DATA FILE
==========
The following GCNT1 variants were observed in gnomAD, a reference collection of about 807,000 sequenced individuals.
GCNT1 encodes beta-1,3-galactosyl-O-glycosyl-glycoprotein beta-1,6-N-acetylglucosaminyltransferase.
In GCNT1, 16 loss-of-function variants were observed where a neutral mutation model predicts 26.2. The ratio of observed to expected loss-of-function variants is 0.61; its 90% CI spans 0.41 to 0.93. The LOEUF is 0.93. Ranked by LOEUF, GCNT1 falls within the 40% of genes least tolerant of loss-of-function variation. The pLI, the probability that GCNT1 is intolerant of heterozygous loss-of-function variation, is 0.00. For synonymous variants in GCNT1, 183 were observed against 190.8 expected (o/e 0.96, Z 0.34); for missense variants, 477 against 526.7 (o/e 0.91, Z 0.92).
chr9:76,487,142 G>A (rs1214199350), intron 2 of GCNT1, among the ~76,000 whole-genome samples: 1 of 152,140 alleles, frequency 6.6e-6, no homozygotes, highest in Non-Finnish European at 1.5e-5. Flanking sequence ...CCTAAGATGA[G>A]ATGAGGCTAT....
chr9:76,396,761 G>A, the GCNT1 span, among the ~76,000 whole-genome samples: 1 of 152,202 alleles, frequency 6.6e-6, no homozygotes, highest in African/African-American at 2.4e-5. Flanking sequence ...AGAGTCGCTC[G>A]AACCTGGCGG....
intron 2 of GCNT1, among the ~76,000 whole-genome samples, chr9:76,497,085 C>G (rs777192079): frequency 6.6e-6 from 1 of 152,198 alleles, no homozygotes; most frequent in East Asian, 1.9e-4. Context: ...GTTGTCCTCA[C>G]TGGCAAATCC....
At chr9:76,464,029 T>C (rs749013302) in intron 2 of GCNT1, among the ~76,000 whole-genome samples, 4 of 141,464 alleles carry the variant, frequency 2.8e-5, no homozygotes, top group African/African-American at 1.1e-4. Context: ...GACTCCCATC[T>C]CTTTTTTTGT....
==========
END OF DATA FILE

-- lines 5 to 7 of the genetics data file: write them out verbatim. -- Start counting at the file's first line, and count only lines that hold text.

chr9:76,396,761 G>A, the GCNT1 span, among the ~76,000 whole-genome samples: 1 of 152,202 alleles, frequency 6.6e-6, no homozygotes, highest in African/African-American at 2.4e-5. Flanking sequence ...AGAGTCGCTC[G>A]AACCTGGCGG....
intron 2 of GCNT1, among the ~76,000 whole-genome samples, chr9:76,497,085 C>G (rs777192079): frequency 6.6e-6 from 1 of 152,198 alleles, no homozygotes; most frequent in East Asian, 1.9e-4. Context: ...GTTGTCCTCA[C>G]TGGCAAATCC....
At chr9:76,464,029 T>C (rs749013302) in intron 2 of GCNT1, among the ~76,000 whole-genome samples, 4 of 141,464 alleles carry the variant, frequency 2.8e-5, no homozygotes, top group African/African-American at 1.1e-4. Context: ...GACTCCCATC[T>C]CTTTTTTTGT....